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  • Contributors JO, MK: Conceptualization, literature search, drafting and critical revision of the manuscript and figures. MG: Conceptualization, critical revision of the manuscript and figures. WB: drafting of the figures, critical revision of the manuscript and figures. Remaining authors: critical revision of the manuscript and figures.

  • Funding The authors have not declared a specific grant for this research from any funding agency in the public, commercial or not-for-profit sectors.

  • Competing interests JO is a consultant for NICOLab and Chief Scientific Officer of Collavidence. AG has received grants from the Canadian Institutes of Health Research, Canadian Cardiovascular Society, Alberta Innovates, Camps Alberta Neuroscience, Government of Canada – INOVAIT program, Government of Canada – New Frontiers in Research Fund, Microvention, Alzheimer Society of Canada, Heart and Stroke Foundation of Canada, Panmure House. He has also received consulting fees from MD Anlaytics, MyMedicalPanel, Figure 1, CTC Communications Corp, Atheneum, DeepBench, Research on Mind, Creative Research Designs, AlphaSights, 42mr. He has further received honoraria from Figure 1, Alexion, Biogen, Servier Canada and travel support from American Academy of Neurology, Association of Indian Neurologists in America, American Heart Association, University of Calgary. He has patent US 17/317,771 filed. He is member of the editorial board of Neurology:Clinical Practice, Neurology, Stroke, Frontiers in Neurology, and owns stock options in SnapDx,, Collavidence Inc. DFK holds grants from Cerenovus, Insera Therapeutics, Medtronic, Microvention, Balt, Monarch Biosciences, Brainomix, MiVi, Stryker, and royalties from Medtronic. He holds patents on balloon guide technology, is a data safety monitoring board member of NoNO Inc and Vesalio, holds stock options from Nested Knowledge LLC, Superior Medical Experts LLC, Marblehead Medical LLC, Conway Medical LLC, Monarch Biosciences and is an investor in Piraeus Medical. He uses Brainomix software.WB holds licenses from Medtronic and for a Balloon Guide Catheter Technology, has received consulting fees from Medtronic, Stryker, Imperative Care, Microvention, MIVI Neurovascular, Cerenovus, Asahi, Balt, payments for lectures from Cerenovus and Asahi, patents planned for Balloon Guide Catheter technology and Kyphoplasty technology, is a consulting medical director for MIVI Neurovascular, Chief Medical Officer of Marblehead Medical LLC, Editor in Chief of Interventional Neuroradiology, Board Member of Piraeus Medical, Executive Committee Member of WFITN, and holds stock options of Piraeus Medical, Nested Knowledge, Sonoris Medical, MIVI Neurovascular, Superior Medical Experts. MG holds grants from NoNo Inc, Medtronic, Cerenovus, royalties from GE Healthcare and Microvention, consulting fees from Microvention, Medtronic, Stryker, Mentice, and stock options from Circle Neurovascular.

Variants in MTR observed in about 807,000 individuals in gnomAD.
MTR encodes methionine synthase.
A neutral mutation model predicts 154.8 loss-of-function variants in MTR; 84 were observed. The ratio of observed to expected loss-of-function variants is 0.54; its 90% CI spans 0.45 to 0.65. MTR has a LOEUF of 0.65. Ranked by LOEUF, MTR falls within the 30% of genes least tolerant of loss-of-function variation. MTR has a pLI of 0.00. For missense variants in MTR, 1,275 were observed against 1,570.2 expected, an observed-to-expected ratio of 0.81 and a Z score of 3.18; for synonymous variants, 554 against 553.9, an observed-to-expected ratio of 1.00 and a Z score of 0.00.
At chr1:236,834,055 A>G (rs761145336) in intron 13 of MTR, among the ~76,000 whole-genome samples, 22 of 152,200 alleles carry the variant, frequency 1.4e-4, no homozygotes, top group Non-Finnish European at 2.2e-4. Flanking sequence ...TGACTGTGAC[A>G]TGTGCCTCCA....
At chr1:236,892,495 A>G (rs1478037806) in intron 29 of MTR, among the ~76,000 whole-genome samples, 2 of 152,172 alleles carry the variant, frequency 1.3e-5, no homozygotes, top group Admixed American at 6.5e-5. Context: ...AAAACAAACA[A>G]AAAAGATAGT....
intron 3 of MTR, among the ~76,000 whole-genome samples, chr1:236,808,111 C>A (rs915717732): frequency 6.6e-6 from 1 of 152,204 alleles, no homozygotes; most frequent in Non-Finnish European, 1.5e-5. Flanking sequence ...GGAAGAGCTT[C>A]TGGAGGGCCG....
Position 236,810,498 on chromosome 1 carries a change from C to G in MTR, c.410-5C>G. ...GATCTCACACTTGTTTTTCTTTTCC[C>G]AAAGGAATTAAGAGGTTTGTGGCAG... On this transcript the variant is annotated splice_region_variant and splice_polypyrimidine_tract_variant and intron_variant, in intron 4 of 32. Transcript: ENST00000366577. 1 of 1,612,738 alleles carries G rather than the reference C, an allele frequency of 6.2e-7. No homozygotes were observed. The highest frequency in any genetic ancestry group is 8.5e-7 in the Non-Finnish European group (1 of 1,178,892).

• Provenance and peer review Commissioned; externally peer reviewed.